The best stabilizer for machine embroidery depends on the project you are working on. If you are working with a heavyweight fabric, like a tote bag, then you will want to use a tear away stabilizer. If you are working with a knit fabric, then you will want to use a fusible poly mesh stabilizer. 

Do I always need stabilizer for machine embroidery?

In most cases, yes. Stabilizer provides support for your fabric and helps to keep your stitches from becoming distorted. 

What is the difference between stabilizer and topping?

Topping is a water soluble film that is placed over the area you are embroidering. It dissolves in water and helps to keep your stitches from becoming distorted. 

How do I remove stabilizer from my embroidery?

If you are using a tear away stabilizer, then you can simply tear it away from your embroidery. If you are using a water soluble stabilizer, then you will need to soak your embroidery in water until the stabilizer dissolves. If you are using a cut away stabilizer, then you will need to trim away the excess stabilizer from around your embroidery.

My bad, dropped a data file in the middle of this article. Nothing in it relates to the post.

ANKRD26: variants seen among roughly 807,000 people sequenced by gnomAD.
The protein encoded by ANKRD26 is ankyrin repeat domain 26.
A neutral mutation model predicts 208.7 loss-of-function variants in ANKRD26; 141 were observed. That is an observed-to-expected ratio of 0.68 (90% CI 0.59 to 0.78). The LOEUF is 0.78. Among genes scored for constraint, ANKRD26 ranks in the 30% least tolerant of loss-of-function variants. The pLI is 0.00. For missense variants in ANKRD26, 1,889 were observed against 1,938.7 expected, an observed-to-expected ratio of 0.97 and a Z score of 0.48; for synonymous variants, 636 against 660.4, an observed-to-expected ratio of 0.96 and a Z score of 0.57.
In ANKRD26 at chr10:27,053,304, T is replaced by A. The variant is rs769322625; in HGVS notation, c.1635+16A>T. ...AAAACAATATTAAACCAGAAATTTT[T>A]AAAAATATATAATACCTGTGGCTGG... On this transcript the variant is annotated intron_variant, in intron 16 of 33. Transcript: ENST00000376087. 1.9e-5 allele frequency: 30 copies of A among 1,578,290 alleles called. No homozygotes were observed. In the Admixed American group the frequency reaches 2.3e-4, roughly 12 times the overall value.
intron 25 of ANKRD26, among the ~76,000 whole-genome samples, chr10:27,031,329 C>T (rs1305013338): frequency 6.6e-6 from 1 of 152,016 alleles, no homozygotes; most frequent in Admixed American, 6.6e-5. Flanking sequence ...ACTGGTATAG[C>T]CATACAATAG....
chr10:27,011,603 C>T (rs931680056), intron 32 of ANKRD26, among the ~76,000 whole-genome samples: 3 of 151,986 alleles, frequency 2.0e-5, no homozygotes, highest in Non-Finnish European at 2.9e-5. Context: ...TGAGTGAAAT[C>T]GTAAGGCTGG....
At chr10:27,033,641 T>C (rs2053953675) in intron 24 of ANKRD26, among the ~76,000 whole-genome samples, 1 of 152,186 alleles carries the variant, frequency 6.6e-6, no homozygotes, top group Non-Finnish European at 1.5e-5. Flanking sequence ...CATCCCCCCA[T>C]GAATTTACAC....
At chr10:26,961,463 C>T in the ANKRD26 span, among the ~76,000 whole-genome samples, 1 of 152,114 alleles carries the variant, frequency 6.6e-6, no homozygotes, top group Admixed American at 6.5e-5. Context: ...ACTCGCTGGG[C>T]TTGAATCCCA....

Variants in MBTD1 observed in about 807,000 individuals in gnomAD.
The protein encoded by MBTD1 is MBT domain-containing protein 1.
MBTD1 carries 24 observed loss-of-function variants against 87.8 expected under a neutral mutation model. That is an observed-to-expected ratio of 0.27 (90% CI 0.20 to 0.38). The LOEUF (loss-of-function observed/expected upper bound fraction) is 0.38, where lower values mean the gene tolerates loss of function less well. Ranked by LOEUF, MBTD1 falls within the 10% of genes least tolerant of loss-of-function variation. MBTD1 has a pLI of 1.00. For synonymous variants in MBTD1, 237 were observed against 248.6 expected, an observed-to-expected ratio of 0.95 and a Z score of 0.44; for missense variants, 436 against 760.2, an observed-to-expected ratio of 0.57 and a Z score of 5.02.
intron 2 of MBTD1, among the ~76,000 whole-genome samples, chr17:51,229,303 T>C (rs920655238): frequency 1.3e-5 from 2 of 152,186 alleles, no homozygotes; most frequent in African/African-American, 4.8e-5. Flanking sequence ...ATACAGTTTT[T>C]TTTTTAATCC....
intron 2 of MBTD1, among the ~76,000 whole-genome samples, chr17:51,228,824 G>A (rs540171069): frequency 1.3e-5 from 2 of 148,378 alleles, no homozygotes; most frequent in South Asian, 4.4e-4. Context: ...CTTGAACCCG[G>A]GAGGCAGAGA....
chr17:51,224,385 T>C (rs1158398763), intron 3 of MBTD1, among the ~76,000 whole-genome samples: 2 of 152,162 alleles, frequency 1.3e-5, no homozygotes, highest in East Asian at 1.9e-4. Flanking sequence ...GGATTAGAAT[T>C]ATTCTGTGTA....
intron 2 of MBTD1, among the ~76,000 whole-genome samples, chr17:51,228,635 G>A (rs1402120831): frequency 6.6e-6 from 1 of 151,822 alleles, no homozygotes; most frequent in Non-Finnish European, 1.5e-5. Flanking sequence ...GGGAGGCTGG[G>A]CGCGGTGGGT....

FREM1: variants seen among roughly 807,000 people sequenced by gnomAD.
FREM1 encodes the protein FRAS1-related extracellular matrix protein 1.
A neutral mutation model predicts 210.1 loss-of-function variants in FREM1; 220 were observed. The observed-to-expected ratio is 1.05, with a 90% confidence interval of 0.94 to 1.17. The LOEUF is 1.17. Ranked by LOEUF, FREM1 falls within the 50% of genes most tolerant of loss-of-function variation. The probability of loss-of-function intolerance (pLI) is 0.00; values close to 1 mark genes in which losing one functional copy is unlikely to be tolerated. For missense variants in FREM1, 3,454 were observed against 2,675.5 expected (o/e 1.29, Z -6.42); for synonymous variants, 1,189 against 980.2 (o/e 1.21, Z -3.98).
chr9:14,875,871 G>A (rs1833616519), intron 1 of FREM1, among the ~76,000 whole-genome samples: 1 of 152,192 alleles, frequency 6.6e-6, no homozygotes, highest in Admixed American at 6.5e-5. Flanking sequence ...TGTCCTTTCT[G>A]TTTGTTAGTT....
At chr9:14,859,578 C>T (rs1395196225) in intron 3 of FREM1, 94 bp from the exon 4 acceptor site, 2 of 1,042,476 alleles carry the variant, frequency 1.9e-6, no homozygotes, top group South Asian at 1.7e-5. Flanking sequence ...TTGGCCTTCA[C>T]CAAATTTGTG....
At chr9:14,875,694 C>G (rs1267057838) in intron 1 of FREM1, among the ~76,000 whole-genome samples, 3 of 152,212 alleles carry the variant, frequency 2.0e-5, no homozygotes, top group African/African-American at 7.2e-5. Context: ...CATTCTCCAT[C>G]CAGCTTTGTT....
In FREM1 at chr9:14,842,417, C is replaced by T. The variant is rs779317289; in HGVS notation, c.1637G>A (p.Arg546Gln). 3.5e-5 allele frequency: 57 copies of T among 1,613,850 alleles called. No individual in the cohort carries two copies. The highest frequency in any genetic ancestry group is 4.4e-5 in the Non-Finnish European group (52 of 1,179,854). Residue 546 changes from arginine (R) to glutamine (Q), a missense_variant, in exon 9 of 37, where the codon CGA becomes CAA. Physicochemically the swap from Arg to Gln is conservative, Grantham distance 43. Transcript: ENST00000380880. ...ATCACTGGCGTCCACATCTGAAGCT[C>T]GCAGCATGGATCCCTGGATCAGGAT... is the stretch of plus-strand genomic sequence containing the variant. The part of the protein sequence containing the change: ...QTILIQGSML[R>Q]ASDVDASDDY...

What is the best way to store stabilizer?

The best way to store stabilizer is in a cool, dry place. You may also want to keep it in a plastic bag or container to prevent it from becoming dusty. 

Do I need different stabilizer for different fabrics?

Yes. You will want to use a heavier stabilizer, like a tear away or cut away, for heavyweight fabrics. You will also want to use a fusible poly mesh stabilizer for knit fabrics. 

What is the difference between cut away and tear away stabilizer?

Cut away stabilizer is a heavier stabilizer that is meant to be left in the garment. Tear away stabilizer is a lighter stabilizer that can be torn away from the garment after embroidering.  

Is there a difference between fusible and non-fusible stabilizer?

Yes. Fusible stabilizer has a heat activated adhesive on one side. Non-fusible stabilizer does not have an adhesive and must be held in place with temporary spray adhesive. 

What is the difference between water soluble and fusible poly mesh stabilizer?

Water soluble stabilizer dissolves in water and is best used for delicate fabrics. Fusible poly mesh stabilizer has a heat activated adhesive on one side and is best used for knit fabrics. 

How can I save money on stabilizer?

Funny you should ask – that’s an entire subject for another post. Check out these clever ways to save money on machine embroidery stabilizer. If you embroider as much as I do – you’ll definitely want to know these tricks.

Well – I hope you have found this article about machine embroidery stabilizers to be helpful. If you have any other questions about machine embroidery stabilizers, please leave your questions in the comments below.

Good luck & Happy stitching

xo

Julie